Konstantin - thanks for your reply - fantastic details response! :-)

I'll go through in more detail, but wanted to get you a fast basic response 

your last sentance says it all really - ie a single repository with VPN 
access. However - our main problem is that a large number of changes in the 
UK will take a long time to get when the US office come on-line (we have 
lots of HTML etc). With SVN we can configure it to synch a copy to a 
read-only repo in the US. This can also be configured such that any commits 
are done to this read-only repo, but are * automatically routed to the main 
repo in the UK* ...this makes for an easy and fast (for "check-out" anyway) 
solution for the US team. Git does not seem to help here...


On Thursday, December 19, 2013 1:35:26 PM UTC, Konstantin Khomoutov wrote:
> On Thu, 19 Dec 2013 04:42:13 -0800 (PST) 
> Oliver Harvey <o...@tigertechsoftware.com <javascript:>> wrote: 
> >  ...our main requirement is for changes made in the UK available to 
> > be available the US for fast/easy check-out (check-in not so 
> > important). 
> > 
> > SVN can crack this either via WanDisco (commercial), or via some 
> > master-slave auto-sync thing- 
> > 
> > -Does Git help us with this at all? - perhaps it makes it *more 
> > difficult* by requiring a two-step push?? 
> Hmm, I don't quite get the problem.  As you mention pushes, supposedly 
> you imply you have a central repository to which your devs (or whoever 
> else) push changes from their private repos, right?  If yes, then 
> what's the problem of making this central "rendez-vous" repository 
> available to both UK and US offices?  Say, by means of a VPN tunnel, a 
> private Git hosting etc. 
> If this is impossible/undesirable for some reason, you can either set 
> up automated *mirroring* by hand or use a ready-made solution (such as 
> that provided by gitolite).  The way to implement mirroring depends on 
> whether you want "passive" (or "pull") style, when the US office 
> periodically checks to see if there's anything new in the UK central 
> repo) or "active" (or "push") style, when a post-update hook set in the 
> US shared repository queues a task to push the changes from that 
> repository to the one in the US office. 
> Pull-style mirroring is easy: 
> 1) Create an initial bare mirror clone: 
>    us_server$ cd /srv/git 
>    us_server$ git clone --bare --mirror ssh://git@uk-server/uk.git 
> 2) Set up a cron job that just `cd`-s to /srv/git/uk.git and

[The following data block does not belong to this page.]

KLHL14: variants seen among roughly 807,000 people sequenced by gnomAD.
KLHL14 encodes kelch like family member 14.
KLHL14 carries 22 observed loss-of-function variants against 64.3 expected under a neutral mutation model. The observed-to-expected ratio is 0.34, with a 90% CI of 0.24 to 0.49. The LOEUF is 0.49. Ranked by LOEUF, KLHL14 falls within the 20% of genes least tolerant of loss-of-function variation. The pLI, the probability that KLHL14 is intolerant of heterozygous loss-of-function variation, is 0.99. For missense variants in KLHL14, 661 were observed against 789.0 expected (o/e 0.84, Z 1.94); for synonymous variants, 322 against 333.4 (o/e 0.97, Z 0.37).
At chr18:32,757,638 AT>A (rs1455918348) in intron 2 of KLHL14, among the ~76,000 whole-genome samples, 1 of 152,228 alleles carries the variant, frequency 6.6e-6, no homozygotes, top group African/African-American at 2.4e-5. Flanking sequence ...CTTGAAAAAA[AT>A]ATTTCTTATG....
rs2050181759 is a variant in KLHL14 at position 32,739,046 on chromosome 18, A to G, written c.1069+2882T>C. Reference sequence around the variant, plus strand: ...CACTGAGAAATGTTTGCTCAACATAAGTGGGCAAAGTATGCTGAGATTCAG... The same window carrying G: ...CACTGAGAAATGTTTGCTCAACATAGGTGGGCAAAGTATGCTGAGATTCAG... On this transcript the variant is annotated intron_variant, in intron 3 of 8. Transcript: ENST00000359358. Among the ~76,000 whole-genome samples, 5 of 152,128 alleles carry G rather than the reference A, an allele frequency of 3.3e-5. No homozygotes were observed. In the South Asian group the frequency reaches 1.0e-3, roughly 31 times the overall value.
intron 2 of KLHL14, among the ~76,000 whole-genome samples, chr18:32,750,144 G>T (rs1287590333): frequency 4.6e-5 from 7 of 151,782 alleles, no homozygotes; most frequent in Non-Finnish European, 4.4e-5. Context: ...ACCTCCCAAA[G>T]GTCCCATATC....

>    runs `git fetch` there.  The refspec (the "what to fetch" 
>    specification) set up by the initial clone operation should make 
>    `git fetch` grab everything the remote has and update the 
>    local stuff with that. 
> Push-style mirroring is harder because you has to compensate for 
> possible case of rapid pushing where someone updates the repo so fast 
> several copies of the post-update script propagating the changes are 
> spawned because they are slow to complete.  So some sort of locking or 
> queuing should supposedly be implemented.  As to how to do such 
> mirror-push, you just do something like 
>   uk_server$ git push ssh://git@us-server '+refs/*:refs/*' 
> where the refspec +refs/*:refs/* tells Git to send all the refs 
> (branches and tags) existing locally to the refs with the matching 
> names on the remote side, creating them if necessary, and also 
> force-updating them if needed ("+"). 
> Of course, the remote repo must be bare and must accept forced updates 
> (this is the default). 
> Surely, you might opt to do more fine-grained synchronizing by pushing 
> or fetching only a set of selected branches.  This will just make your 
> refspecs more involved, and will possibly require you to also use the 
> --tags command-line option.  Read the git-fetch and git-push manual 
> pages carefully. 
> To recap, in my opinion, the best option is to just provide direct 
> network access to the single shared repository (or a set of them if 
> several projects are being collectively worked on) to both offices by 
> means of a VPN or by using shared Git hosting (making it by hand on a 
> cheap VPS/VDS is also an option). 

You received this message because you are subscribed to the Google Groups "Git 
for human beings" group.
To unsubscribe from this group and stop receiving emails from it, send an email 
to git-users+unsubscr...@googlegroups.com.
For more options, visit https://groups.google.com/groups/opt_out.

Reply via email to